***Spoiler alert - If you haven't had the chance to watch the new Peanuts Movie yet, you might not want to read today's devotion. Okay, you've been warned!***
Unfortunately, Jason didn't have any work scheduled for Wednesday, which is a bad thing since he's paid by the hour. Nevertheless, we decided to make the best of a bad situation. We used the free movie tickets that Jason had received through the Blood Connection and went to see The Peanuts Movie (yep, my idea!). It was a really cute movie, and believe it or not, I came away from it with several valuable lessons.
In the movie, a new kid moves to town, and that new kid just happens to be "the cute, little redhead." (I love it already!) Anyway, Charlie Brown falls madly in love with this new cutie, but he's afraid to even speak to her because he's convinced that everyone else hates him because he's such a clutz. Still, Charlie Brown clings to one thread of hope: the new girl has never met him and never witnessed some of his "finer moments." He hopes to win her over with his newfound confidence and charm, but in the spirit of Peanuts, things go horribly wrong.
Attempt after attempt, Charlie Brown tries to impress the cute, little redhead, but all of his efforts seem to be an epic fail. His talent show routine is ruined because he gives up his turn to help his sister, Sally, who is on the verge of tears after her own routine goes terribly wrong. The book report that he spent all weekend working on is reduced to ribbons when the Red Baron airplane flies through it. After finally catching a break and receiving grand recognition for his perfect score on the standardized testing at school, he realizes that there had been a grave mistake, and the test was not his. After admitting the error in front of the entire school (including the cute, little redhead), he slumps over and shuffles out of the school house.
The next several scenes are filled with phrases like the following:
"No matter how hard I try, everyone still hates me."
"It seems as if the whole world is conspiring against me."
"I'm nothing but a self-conscious, wishy-washy failure."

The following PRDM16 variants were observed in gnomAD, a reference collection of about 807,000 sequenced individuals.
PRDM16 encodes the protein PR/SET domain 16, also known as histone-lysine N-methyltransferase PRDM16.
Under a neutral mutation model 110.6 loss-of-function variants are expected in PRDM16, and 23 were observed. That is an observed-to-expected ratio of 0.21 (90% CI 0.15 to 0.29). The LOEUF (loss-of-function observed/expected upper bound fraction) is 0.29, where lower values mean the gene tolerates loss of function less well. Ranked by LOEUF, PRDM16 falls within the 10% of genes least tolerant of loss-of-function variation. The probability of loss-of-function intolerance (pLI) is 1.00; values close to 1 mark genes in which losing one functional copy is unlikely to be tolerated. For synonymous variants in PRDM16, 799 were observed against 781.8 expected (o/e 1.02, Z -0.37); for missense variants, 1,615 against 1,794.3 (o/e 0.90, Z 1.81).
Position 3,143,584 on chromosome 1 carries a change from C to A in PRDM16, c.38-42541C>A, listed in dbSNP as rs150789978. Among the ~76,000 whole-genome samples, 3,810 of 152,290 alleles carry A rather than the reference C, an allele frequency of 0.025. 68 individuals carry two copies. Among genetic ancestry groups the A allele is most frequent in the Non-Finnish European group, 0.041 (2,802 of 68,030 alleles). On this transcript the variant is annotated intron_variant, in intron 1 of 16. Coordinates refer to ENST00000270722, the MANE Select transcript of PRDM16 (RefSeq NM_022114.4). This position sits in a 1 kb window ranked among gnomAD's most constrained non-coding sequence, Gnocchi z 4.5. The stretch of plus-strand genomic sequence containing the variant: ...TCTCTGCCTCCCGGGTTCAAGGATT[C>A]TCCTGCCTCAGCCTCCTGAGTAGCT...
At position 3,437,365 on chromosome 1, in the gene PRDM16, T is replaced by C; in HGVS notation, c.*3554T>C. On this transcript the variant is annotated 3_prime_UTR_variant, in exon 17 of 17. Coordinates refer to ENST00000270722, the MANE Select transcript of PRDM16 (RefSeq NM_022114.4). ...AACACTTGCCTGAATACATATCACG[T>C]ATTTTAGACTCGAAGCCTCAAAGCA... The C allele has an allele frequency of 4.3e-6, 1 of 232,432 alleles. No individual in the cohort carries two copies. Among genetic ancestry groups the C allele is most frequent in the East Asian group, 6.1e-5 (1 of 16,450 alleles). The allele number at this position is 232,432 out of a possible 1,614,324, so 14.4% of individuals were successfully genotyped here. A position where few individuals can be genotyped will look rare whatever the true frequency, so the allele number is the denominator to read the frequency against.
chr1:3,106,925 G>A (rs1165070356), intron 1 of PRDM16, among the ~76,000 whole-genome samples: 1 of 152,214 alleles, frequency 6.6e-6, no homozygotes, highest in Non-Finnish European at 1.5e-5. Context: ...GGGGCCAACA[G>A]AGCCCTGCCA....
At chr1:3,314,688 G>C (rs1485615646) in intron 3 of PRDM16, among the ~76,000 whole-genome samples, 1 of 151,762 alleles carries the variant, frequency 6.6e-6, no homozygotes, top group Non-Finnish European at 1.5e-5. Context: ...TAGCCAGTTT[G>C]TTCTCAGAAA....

But lo, and behold, at the end of the movie when it comes time for the students to choose summer pen pals, the cute, little redhead chooses Charlie Brown. Delighted yet confused, Charlie Brown finally gathers enough courage to ask her why she chose such a loser to be her pen pal. She calmly told him that when she looked at him, she didn't see a failure. She saw a compassionate soul who sacrificed something in order to help another. She saw someone who was brave enough to step out of his comfort zone and enter the class dance contest. She saw someone who was honest enough to admit that he hadn't rightfully scored the perfect score on the testing. In short, she saw a good person.
Suddenly, all of the other children realize what they had been missing. For so long they had been focusing on Charlie Brown's many mistakes that they had failed to realize what a good person he is. Aren't we guilty of doing the same? How often have we judged people by their actions or inactions? How many times have we thought less of someone because of their inadequacies or failures? All the while, we may be missing out on the true nature of the person we're judging.
We all have bad days, and honestly, I know I've had days where I could say right along with Charlie Brown, "It seems as if the whole world is conspiring against me." But bad days don't make me a bad person. Sure, I may be ditzy at times. Yes, I have a tendency to be accident-prone. And yes, I've had my share of "Duh" moments. But if you only focus on those, you'll miss out on the fact that I am a caring, compassionate, tender-hearted person who longs to serve Christ to the best of my ability. No, I'm not perfect, but I'm trying, and I'm sure there are many others around me who feel the same way.
After ten years of writing, I can't believe I finally get to say this: It's time for all of us to start acting like the cute, little redhead. Look past the mistakes and shortcomings of others and observe their hearts and motives. After all, isn't that what God does for us? More often than not, I think we'll discover that we've been sorely misjudging the Charlie Browns in our lives.
Therefore thou art inexcusable, O man, whosoever thou art that judgest: for wherein thou judgest another, thou condemnest thyself; for thou that judgest doest the same things. - Romans 2:1